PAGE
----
Edward, like his uncle, who was my stepdad for 45 years, was so tight he squeaked when he walked. He drove old cars and endlessly repaired them and delayed replacing anything until its warranty was long gone. He saved everything like his Depression-era dad because “you might need that someday.”
Edward was not a donor the way you and I look at it. Oh, he would make a charitable gift from time to time, but he was so loved because he spent himself on others…constantly. He was always available- for any chore to help anyone. Widow’s “honey-do lists,” unemployed friends needing a cup of coffee and a listening ear, grieving widowers who could not get out of bed to mow their lawns are just a few ways he gave of himself.
Here is the insight: We are wired to contribute, not consume. Lives of consumption isolate our souls from the true source of happiness. Contributing to the well-being of another turns out to be the most powerful and undervalued expression of generosity. This way of living is not strategic at all, and those who live like this would hesitate calling themselves generous…and never philanthropic. However, the lives they touch feel loved somehow, and the giver flourishes. And when the giver is gone we come to know that generosity is spending ourselves and not just our money.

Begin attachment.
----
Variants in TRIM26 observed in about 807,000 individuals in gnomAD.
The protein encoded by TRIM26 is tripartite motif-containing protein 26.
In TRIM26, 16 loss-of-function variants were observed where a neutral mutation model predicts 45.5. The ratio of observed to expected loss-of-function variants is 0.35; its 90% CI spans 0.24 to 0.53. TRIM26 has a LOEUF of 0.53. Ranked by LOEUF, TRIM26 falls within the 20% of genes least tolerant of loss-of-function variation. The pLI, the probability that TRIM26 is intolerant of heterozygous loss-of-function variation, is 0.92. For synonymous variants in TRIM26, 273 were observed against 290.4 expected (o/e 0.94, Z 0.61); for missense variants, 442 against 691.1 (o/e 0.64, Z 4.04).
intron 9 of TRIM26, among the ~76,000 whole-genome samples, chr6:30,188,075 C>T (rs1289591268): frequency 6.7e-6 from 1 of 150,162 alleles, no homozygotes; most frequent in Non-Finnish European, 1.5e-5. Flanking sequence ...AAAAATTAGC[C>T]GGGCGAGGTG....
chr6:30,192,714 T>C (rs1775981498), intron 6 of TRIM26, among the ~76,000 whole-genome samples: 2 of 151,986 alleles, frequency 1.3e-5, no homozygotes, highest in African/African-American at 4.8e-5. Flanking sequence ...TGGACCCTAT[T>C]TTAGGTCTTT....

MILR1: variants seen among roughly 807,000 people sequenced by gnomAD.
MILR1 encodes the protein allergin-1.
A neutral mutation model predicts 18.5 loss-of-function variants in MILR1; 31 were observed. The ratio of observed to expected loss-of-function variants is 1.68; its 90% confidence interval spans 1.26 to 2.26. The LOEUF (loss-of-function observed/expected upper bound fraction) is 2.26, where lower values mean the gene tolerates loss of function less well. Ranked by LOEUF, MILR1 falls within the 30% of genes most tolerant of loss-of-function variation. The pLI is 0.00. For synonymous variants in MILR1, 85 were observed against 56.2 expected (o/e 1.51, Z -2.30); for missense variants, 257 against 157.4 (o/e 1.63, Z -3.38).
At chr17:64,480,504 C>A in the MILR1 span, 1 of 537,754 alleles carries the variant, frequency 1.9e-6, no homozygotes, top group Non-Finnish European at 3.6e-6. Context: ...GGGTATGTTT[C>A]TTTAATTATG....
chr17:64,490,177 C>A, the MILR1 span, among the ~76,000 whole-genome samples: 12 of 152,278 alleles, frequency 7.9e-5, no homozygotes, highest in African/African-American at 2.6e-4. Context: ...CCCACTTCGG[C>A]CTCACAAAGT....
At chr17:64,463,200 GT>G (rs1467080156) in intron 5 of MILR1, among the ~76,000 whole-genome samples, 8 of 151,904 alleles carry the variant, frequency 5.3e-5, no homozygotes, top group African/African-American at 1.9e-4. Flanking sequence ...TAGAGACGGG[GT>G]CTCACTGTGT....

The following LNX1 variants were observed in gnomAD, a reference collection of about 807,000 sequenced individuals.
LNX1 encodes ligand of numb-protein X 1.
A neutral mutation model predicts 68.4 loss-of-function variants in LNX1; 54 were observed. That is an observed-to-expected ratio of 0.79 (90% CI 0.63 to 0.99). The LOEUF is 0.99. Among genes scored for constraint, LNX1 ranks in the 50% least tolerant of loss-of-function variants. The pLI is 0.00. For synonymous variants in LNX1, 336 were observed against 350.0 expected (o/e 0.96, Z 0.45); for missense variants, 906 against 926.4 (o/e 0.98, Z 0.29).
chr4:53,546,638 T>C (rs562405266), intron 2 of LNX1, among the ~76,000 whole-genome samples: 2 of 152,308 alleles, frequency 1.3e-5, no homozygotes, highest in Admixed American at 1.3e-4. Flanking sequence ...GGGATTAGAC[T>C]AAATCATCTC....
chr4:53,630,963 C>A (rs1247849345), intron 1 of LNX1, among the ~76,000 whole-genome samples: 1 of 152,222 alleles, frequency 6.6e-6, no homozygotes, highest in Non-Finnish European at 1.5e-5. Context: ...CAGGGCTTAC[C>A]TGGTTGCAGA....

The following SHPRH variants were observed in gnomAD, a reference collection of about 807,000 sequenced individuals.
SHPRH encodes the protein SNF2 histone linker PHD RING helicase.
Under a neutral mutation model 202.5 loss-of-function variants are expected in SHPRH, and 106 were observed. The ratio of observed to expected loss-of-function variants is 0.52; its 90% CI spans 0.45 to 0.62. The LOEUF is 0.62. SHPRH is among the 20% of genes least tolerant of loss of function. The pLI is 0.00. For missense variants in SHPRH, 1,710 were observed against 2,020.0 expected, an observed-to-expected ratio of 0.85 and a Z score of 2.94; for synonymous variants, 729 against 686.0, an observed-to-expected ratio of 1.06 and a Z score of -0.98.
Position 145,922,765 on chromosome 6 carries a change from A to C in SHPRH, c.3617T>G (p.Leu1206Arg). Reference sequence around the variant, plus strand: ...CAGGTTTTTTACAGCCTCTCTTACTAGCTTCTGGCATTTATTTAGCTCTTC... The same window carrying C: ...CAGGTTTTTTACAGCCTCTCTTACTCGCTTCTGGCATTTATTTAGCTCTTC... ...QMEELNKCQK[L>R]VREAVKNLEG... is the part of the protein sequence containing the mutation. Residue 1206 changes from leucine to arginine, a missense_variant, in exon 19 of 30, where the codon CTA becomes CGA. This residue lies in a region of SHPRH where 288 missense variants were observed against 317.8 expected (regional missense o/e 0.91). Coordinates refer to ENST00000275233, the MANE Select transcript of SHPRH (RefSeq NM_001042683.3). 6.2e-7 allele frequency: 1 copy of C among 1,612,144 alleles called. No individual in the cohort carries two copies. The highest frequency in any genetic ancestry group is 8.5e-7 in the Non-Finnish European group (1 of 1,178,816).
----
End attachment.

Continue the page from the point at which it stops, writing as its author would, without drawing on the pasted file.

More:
Read my book, Connected for Good: A Gameplan for a Generous Life, to discover stories of others who have been, become, or continue to be generosity champions.
Jun 1, 2017 at 11:35 AM
Miss Mary is a not-so-ordinary childcare worker at the YMCA who came to me for advice. We had no friends in common, no referral source…she just found me through Google. And she told me this story:
“A girl named Sarah and I were reading a book together and I pulled out some lip gloss. As I applied it to my lips, Sarah looked up at me and said softly, “I wish I could wear lip gloss.”
I asked her if her parents allowed her to and she said, “Yes, but I’d rather not, because my lips are ugly. I wish I had pretty lips like you.” Sarah said this because she has an unrepaired cleft lip.
I told Sarah that her lips were beautiful and that she, too, can wear lip gloss. When her mother walked in, I asked if It was okay for me to give her daughter lip gloss. As I applied it to her lips, I told her, “When people tell you that you’re not pretty, tell them with confidence that ‘I know I’m not pretty, I’m beautiful!’”